Perhaps most fundamental to a city charter is the specification of the metes and bounds of the territory, which RA 11689 failed to incorporate a provision on. The lack of an updated and definite territorial boundary causes existing boundary disputes to persist and may cause friction between the local government unit and other adjacent municipalities. This is a vital part of a city charter that must be defined instead of relying on the obsolete boundaries set by the old charter.

Furthermore, the Camp John Hay Reservation (CJHR)’s land area, titled under the Bases Conversion Development Authority (BCDA), increased from the original 570 hectares to 625 hectares in the Revised Charter without any justification provided for such expansion. Communities that predated the arrival of the CJHR and BCDA are declared trespassers in their own spaces and facilities as the CJHR and BCDA encroach and overstep their jurisdiction.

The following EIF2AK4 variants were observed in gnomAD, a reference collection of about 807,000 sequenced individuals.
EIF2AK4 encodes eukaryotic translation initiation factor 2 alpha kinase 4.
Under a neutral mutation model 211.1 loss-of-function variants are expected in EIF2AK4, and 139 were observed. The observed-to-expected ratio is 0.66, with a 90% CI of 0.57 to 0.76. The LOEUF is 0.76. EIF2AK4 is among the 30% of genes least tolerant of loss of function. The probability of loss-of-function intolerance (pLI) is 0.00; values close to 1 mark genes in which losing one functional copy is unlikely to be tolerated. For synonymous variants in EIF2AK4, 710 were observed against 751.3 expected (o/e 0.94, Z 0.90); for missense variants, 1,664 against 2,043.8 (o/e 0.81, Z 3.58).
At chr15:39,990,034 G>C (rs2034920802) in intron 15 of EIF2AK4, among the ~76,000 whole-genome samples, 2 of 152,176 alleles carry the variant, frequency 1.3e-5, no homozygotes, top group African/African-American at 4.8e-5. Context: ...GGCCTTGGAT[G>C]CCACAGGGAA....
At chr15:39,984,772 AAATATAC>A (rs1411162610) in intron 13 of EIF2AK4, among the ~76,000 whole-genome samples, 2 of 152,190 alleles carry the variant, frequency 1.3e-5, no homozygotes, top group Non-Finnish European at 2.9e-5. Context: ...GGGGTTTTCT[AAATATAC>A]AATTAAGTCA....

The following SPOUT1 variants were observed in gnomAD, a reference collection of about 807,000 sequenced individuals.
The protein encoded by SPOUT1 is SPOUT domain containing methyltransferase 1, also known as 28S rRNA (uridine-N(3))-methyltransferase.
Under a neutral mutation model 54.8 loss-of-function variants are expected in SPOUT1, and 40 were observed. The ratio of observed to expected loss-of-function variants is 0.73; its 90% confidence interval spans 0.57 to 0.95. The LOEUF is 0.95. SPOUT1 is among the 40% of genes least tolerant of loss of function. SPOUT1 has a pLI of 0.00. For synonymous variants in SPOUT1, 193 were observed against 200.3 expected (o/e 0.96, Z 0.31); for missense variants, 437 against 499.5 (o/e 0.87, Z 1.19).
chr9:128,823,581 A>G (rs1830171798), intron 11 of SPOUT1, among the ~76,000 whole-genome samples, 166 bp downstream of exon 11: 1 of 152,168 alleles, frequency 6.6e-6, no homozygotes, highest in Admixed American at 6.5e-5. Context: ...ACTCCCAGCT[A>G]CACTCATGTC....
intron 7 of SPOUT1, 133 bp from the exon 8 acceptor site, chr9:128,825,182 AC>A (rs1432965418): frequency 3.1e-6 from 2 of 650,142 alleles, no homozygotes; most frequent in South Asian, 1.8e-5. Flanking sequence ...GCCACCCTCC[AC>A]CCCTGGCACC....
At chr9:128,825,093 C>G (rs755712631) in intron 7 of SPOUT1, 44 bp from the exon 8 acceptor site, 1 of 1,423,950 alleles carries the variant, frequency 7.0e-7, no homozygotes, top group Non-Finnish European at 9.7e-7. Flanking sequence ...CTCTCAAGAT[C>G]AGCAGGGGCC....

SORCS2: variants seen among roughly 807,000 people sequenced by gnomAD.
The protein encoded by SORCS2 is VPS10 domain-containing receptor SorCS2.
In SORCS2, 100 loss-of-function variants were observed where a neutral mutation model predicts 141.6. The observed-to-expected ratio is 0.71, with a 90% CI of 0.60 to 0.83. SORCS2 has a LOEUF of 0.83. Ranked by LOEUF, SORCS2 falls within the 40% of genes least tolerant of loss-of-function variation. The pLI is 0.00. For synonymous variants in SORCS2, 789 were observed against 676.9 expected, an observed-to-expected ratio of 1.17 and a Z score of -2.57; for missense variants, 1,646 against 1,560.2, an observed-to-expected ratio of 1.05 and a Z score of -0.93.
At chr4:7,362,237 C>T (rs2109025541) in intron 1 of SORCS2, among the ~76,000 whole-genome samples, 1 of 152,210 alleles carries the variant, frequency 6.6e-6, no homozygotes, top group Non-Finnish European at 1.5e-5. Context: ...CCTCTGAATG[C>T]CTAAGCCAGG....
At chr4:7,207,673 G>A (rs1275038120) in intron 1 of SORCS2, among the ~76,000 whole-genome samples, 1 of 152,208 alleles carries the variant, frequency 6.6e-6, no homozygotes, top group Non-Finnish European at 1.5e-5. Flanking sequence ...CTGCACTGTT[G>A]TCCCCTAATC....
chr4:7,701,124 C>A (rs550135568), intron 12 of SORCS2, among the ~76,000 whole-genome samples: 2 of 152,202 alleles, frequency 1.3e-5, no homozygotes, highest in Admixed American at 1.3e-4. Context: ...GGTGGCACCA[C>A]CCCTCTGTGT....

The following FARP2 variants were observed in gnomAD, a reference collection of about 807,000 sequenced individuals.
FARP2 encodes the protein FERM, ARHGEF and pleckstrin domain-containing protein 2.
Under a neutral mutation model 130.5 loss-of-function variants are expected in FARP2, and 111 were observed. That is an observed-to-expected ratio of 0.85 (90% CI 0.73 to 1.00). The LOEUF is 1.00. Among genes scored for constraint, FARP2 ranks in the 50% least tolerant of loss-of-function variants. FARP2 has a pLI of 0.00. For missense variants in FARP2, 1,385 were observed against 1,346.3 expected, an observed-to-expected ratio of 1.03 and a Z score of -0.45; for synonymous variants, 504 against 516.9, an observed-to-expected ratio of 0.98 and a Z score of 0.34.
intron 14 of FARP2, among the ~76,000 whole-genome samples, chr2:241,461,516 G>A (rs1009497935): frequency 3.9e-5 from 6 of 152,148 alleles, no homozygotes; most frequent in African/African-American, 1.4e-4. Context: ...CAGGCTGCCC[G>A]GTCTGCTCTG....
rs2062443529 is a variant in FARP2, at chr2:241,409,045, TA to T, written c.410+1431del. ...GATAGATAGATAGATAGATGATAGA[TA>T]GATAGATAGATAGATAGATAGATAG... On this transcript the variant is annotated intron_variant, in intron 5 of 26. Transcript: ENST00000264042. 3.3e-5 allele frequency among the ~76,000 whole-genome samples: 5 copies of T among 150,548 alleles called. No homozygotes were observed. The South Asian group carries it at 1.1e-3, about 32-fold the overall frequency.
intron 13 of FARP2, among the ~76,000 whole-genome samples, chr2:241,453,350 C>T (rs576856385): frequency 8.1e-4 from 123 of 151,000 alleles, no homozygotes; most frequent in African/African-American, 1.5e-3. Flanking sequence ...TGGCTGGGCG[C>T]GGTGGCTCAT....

The undue declaration of the land area of the CJHR undermines Resolution 362 Series of 1994 which sets the 19 conditionalities in which the Master Development Plan of CJHR can operate. The refusal to honor these conditionalities disparages the efforts of the people who lobbied for this resolution and aggravates the dispute of the surrounding 13 barangays with BCDA. With the Revised Charter legalizing the expansion and giving BCDA full authority over the CJHR, regulation from the local government is reduced – placing the affected barangays in an enduring dilemma and even in the threat of displacement.